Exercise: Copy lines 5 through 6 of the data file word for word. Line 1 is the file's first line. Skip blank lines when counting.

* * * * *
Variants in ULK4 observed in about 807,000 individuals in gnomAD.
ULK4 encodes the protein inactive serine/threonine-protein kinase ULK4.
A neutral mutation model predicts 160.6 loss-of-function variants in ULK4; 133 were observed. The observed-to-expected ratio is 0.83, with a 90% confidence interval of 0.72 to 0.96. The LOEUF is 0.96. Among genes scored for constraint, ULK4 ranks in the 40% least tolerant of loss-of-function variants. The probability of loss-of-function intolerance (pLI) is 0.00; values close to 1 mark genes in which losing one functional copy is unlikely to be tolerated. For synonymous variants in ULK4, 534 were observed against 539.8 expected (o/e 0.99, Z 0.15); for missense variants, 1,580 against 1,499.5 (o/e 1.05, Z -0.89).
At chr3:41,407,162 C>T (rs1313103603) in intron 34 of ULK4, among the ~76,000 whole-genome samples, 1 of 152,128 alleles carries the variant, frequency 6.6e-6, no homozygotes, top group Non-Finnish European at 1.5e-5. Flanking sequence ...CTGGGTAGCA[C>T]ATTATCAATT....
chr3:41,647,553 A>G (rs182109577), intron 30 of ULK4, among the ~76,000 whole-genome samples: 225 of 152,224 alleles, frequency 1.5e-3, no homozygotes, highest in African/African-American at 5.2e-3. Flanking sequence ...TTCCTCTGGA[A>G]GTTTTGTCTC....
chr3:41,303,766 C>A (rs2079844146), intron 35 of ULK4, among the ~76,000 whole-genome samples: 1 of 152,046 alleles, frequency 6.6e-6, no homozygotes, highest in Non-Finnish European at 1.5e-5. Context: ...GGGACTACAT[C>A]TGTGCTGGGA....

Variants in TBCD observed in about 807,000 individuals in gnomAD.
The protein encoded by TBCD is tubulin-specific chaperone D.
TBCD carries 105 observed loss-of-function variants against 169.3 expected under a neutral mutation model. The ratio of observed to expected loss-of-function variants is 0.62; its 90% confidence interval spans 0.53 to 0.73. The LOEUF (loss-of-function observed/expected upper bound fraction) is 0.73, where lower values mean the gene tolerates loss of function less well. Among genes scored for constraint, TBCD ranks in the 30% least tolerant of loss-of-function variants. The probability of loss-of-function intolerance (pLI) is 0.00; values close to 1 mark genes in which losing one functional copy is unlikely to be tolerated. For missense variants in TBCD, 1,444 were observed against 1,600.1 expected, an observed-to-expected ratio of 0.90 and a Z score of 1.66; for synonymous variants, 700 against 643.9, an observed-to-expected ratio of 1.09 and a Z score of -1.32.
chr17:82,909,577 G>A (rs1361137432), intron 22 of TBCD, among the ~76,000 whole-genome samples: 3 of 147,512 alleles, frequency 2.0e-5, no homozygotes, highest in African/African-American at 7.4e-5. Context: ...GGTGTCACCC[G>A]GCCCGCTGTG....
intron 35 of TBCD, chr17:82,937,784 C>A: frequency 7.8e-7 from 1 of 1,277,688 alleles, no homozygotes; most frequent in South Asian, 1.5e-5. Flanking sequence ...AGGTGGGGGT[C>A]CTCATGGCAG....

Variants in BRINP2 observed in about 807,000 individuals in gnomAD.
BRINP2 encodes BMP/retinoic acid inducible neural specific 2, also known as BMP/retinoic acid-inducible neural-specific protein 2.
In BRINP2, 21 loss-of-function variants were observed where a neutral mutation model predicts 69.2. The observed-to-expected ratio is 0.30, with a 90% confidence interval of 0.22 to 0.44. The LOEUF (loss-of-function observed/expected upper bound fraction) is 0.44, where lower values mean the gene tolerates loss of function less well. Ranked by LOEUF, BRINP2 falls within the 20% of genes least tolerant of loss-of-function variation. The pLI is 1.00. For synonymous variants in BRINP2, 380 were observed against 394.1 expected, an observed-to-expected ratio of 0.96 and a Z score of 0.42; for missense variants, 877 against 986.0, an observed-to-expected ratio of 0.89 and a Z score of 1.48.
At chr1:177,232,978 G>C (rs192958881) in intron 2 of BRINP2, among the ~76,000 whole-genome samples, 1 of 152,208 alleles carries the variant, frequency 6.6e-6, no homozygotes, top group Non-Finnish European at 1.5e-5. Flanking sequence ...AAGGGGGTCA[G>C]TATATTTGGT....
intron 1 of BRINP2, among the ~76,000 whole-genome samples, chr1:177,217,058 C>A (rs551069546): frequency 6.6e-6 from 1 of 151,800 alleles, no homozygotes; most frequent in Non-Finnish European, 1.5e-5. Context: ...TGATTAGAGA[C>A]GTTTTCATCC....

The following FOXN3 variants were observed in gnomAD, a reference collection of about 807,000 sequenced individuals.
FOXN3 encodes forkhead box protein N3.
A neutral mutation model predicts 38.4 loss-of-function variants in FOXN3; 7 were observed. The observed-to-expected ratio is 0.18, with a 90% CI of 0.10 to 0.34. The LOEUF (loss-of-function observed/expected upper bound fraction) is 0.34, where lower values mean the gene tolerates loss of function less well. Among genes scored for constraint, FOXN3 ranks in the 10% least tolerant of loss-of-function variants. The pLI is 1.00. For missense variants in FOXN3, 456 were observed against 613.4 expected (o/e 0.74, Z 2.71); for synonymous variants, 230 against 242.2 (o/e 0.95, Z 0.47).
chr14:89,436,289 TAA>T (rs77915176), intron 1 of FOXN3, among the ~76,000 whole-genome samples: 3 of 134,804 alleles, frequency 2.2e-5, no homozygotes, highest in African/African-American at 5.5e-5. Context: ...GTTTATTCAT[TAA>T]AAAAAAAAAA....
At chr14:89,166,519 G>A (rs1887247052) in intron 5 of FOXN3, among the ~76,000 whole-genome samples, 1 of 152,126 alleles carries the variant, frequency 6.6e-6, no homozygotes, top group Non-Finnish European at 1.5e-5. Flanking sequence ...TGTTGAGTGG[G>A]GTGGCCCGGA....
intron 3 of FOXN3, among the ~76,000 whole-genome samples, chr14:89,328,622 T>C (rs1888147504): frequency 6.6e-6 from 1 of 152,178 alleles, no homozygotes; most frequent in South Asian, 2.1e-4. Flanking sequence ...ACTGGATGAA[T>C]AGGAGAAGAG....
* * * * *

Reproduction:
chr3:41,647,553 A>G (rs182109577), intron 30 of ULK4, among the ~76,000 whole-genome samples: 225 of 152,224 alleles, frequency 1.5e-3, no homozygotes, highest in African/African-American at 5.2e-3. Flanking sequence ...TTCCTCTGGA[A>G]GTTTTGTCTC....
chr3:41,303,766 C>A (rs2079844146), intron 35 of ULK4, among the ~76,000 whole-genome samples: 1 of 152,046 alleles, frequency 6.6e-6, no homozygotes, highest in Non-Finnish European at 1.5e-5. Context: ...GGGACTACAT[C>A]TGTGCTGGGA....